Scientists from the University of Missouri and Kansas State University are collaborating to find a cure for porcine reproductive and respiratory syndrome (PRRS), a disease that costs the swine industry an estimated $800 million annually.

In their latest study, the team disproved one way the virus spreads, which will help scientists narrow the search for an ultimate cure.

Porcine Reproductive and Respiratory Syndrome Virus (PRRS) virus can inhibit pigs from reproducing and slow the growth of young pigs. Once pigs are infected, the only remedy is for hog farmers to cull their herds, which has cost farmers approximately $800 million annually.

“Initially, scientists believed that PRRS virus bound to a specific molecule, known as CD169, and infected white blood cells in the lungs,” says Randall Prather, distinguished professor of reproductive biotechnology in the University of Missouri College of Agriculture, Food and Natural Resources. “In our study, we’ve found that this is probably not how the virus is infecting pigs.”

Negative Result But Important Clue

In the study, Prather genetically modified a litter of pigs so they would not generate the CD 169 molecule; therefore, the virus would have nothing to bind to and would be killed by the pigs’ natural immune systems. However, after an initial test, the genetically modified pigs did become infected with PRRS virus, negating the initial theory.

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“While we didn’t find what we were looking for, we did uncover important information about the infection,” Prather says. “This information will help us narrow our search as we continue to fight this virus. We’ll keep searching for answers until we determine how to stop PRRS virus.”

When pigs are infected with the disease, farmers must clean everything, Prather says. That means culling the herd, cleaning the barns and letting the pens sit empty until all viral material is killed. If that doesn’t happen, the virus can continue infecting new groups of hogs. Farmers have had access to vaccines for the last two decades, but experts warn they are not the best tool to fight the disease.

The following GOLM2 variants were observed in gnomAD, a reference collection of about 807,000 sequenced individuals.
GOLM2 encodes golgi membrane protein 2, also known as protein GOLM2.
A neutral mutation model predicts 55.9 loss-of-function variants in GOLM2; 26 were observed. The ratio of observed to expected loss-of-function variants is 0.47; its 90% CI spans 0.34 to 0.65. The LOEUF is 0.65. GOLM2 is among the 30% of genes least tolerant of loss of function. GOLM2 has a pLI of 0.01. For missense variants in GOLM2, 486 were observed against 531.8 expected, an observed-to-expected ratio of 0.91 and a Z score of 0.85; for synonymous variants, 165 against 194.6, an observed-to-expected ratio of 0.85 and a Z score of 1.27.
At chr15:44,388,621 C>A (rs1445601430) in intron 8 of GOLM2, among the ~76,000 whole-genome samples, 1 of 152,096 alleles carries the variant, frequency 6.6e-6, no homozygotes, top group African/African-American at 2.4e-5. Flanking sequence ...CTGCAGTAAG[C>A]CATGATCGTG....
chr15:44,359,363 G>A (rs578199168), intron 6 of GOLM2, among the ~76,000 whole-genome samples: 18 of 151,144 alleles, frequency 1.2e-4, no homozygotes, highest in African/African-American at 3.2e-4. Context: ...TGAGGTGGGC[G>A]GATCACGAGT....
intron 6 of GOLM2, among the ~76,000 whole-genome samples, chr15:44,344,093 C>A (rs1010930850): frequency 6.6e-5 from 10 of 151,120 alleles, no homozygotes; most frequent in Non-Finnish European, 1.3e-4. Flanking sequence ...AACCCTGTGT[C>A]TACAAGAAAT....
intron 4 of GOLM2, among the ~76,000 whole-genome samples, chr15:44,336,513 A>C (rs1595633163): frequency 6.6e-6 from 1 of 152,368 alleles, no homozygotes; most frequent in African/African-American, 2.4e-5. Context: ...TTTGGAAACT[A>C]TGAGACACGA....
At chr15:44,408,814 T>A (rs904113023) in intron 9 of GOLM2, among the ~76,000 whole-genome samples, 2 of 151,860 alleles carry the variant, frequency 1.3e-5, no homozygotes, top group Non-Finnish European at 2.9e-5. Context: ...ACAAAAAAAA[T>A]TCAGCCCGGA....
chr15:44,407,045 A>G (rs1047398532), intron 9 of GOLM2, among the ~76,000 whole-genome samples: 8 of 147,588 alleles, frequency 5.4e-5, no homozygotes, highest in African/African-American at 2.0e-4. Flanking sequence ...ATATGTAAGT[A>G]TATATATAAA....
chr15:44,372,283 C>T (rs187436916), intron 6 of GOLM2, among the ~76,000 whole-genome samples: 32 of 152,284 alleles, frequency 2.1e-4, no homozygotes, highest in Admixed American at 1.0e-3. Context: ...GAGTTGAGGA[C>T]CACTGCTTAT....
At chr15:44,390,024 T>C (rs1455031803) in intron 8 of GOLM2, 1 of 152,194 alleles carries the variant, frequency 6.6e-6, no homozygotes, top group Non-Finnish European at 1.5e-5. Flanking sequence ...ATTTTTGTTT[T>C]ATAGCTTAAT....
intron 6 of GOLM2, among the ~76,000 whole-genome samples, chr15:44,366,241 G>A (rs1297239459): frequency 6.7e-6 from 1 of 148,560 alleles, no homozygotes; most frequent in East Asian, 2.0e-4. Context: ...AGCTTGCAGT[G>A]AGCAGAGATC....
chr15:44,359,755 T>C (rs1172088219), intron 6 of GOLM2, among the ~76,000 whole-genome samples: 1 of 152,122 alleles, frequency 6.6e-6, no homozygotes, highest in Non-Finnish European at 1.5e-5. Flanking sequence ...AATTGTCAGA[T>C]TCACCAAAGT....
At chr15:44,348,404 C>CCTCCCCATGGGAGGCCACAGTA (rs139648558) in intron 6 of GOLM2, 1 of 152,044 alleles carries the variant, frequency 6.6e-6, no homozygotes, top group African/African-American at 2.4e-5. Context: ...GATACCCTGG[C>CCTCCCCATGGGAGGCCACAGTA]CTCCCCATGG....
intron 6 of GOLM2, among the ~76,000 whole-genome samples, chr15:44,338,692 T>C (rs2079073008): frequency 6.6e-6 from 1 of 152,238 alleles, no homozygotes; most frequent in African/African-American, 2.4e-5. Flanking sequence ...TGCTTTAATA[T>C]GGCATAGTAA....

“Vaccines have been shown to lessen the impact of the disease on farms, but they are not a good tool to control or eradicate the virus,” says Raymond (Bob) Rowland, co-author of the study and professor of virology at the Kansas State University College of Veterinary Medicine. “With this new information, we understand more about the mechanisms of this virus and how it acts once inside the pig’s body.”

Collaboration is Critical

Both Prather and Rowland agree that the study was only possible due to the collaboration of the scientists in their respective laboratories.

“To go and find these answers to the problems plaguing farmers, I need to find friends who have expertise in areas that I don’t know anything about,” Rowland says. “Randy Prather knows genes; I know viruses. Together, we can get a lot of work done very quickly.”

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